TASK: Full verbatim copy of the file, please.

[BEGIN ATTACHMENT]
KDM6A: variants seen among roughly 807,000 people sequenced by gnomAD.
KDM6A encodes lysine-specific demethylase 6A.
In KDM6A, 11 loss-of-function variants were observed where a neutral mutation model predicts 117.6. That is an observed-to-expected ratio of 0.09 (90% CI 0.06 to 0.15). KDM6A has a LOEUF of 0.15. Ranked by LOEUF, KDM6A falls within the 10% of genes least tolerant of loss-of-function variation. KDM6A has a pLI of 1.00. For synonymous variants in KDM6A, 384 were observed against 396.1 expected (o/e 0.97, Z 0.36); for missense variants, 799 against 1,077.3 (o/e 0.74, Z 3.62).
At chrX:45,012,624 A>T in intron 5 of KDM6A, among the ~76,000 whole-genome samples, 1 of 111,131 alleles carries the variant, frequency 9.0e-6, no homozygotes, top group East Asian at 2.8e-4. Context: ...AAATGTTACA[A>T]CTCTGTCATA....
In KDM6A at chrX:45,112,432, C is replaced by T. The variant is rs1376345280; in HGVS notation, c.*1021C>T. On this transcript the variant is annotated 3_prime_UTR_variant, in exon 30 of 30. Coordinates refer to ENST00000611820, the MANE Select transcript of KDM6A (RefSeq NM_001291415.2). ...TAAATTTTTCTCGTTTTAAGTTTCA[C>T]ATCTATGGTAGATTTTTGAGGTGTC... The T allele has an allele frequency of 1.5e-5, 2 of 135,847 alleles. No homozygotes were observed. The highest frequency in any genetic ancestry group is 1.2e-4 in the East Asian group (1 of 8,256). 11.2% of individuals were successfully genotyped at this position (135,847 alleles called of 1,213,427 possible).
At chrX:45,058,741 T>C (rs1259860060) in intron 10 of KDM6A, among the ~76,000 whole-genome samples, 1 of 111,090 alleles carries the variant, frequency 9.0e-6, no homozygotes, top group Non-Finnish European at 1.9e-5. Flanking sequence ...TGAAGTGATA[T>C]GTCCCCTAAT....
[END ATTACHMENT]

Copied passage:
KDM6A: variants seen among roughly 807,000 people sequenced by gnomAD.
KDM6A encodes lysine-specific demethylase 6A.
In KDM6A, 11 loss-of-function variants were observed where a neutral mutation model predicts 117.6. That is an observed-to-expected ratio of 0.09 (90% CI 0.06 to 0.15). KDM6A has a LOEUF of 0.15. Ranked by LOEUF, KDM6A falls within the 10% of genes least tolerant of loss-of-function variation. KDM6A has a pLI of 1.00. For synonymous variants in KDM6A, 384 were observed against 396.1 expected (o/e 0.97, Z 0.36); for missense variants, 799 against 1,077.3 (o/e 0.74, Z 3.62).
At chrX:45,012,624 A>T in intron 5 of KDM6A, among the ~76,000 whole-genome samples, 1 of 111,131 alleles carries the variant, frequency 9.0e-6, no homozygotes, top group East Asian at 2.8e-4. Context: ...AAATGTTACA[A>T]CTCTGTCATA....
In KDM6A at chrX:45,112,432, C is replaced by T. The variant is rs1376345280; in HGVS notation, c.*1021C>T. On this transcript the variant is annotated 3_prime_UTR_variant, in exon 30 of 30. Coordinates refer to ENST00000611820, the MANE Select transcript of KDM6A (RefSeq NM_001291415.2). ...TAAATTTTTCTCGTTTTAAGTTTCA[C>T]ATCTATGGTAGATTTTTGAGGTGTC... The T allele has an allele frequency of 1.5e-5, 2 of 135,847 alleles. No homozygotes were observed. The highest frequency in any genetic ancestry group is 1.2e-4 in the East Asian group (1 of 8,256). 11.2% of individuals were successfully genotyped at this position (135,847 alleles called of 1,213,427 possible).
At chrX:45,058,741 T>C (rs1259860060) in intron 10 of KDM6A, among the ~76,000 whole-genome samples, 1 of 111,090 alleles carries the variant, frequency 9.0e-6, no homozygotes, top group Non-Finnish European at 1.9e-5. Flanking sequence ...TGAAGTGATA[T>C]GTCCCCTAAT....